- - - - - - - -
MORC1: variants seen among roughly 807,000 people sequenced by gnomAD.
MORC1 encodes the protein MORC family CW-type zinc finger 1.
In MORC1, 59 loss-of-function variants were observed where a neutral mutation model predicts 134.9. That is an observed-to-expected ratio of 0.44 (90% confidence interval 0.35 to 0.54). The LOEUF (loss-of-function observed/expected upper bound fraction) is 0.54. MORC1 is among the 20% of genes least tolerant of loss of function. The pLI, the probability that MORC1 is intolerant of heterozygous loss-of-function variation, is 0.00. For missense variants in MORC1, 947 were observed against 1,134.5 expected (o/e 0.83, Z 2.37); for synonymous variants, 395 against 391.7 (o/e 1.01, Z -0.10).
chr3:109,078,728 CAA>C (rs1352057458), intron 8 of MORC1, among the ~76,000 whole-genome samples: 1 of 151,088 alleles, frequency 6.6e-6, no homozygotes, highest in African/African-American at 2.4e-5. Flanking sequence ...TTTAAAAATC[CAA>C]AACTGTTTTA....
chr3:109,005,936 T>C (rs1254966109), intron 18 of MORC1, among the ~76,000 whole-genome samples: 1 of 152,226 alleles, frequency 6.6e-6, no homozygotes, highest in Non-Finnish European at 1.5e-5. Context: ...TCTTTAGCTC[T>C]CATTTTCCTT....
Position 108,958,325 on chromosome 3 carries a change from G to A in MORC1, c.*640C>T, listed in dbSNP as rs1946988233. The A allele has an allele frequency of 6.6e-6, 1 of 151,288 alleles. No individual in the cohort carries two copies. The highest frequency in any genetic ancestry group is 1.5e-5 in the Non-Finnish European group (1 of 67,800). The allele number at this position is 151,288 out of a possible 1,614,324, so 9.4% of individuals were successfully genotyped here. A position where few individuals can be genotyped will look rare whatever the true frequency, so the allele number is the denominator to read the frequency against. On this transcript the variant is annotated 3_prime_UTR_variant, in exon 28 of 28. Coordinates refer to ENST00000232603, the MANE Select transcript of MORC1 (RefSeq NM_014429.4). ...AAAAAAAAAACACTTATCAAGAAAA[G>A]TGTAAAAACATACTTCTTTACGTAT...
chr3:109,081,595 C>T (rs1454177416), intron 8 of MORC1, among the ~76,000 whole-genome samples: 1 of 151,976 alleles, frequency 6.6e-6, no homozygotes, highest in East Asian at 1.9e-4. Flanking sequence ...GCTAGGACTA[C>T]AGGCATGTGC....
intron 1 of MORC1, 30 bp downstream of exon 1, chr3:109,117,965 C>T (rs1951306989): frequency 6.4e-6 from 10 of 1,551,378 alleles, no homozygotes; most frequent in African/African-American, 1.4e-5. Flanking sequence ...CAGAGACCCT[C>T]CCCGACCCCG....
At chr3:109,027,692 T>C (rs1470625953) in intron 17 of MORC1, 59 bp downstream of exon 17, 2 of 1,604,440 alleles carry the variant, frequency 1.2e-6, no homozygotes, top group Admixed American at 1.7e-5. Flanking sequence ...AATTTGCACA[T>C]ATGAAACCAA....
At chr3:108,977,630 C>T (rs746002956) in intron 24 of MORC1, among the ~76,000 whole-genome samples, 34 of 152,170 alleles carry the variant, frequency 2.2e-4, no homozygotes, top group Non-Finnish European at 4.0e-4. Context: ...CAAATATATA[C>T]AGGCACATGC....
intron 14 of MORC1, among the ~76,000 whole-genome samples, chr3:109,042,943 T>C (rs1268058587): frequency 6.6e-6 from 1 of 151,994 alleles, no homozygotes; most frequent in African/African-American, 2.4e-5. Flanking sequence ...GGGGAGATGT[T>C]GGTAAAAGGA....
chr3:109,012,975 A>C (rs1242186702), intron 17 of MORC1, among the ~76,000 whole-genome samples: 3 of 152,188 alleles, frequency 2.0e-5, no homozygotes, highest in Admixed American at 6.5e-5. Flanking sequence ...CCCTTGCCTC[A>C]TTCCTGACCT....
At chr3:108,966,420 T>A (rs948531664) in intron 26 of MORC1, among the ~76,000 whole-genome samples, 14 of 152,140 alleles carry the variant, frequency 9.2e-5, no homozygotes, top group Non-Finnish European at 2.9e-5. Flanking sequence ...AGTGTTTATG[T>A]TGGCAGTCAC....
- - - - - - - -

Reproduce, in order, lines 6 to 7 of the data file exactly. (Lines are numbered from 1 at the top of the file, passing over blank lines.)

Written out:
Position 108,958,325 on chromosome 3 carries a change from G to A in MORC1, c.*640C>T, listed in dbSNP as rs1946988233. The A allele has an allele frequency of 6.6e-6, 1 of 151,288 alleles. No individual in the cohort carries two copies. The highest frequency in any genetic ancestry group is 1.5e-5 in the Non-Finnish European group (1 of 67,800). The allele number at this position is 151,288 out of a possible 1,614,324, so 9.4% of individuals were successfully genotyped here. A position where few individuals can be genotyped will look rare whatever the true frequency, so the allele number is the denominator to read the frequency against. On this transcript the variant is annotated 3_prime_UTR_variant, in exon 28 of 28. Coordinates refer to ENST00000232603, the MANE Select transcript of MORC1 (RefSeq NM_014429.4). ...AAAAAAAAAACACTTATCAAGAAAA[G>A]TGTAAAAACATACTTCTTTACGTAT...
chr3:109,081,595 C>T (rs1454177416), intron 8 of MORC1, among the ~76,000 whole-genome samples: 1 of 151,976 alleles, frequency 6.6e-6, no homozygotes, highest in East Asian at 1.9e-4. Flanking sequence ...GCTAGGACTA[C>T]AGGCATGTGC....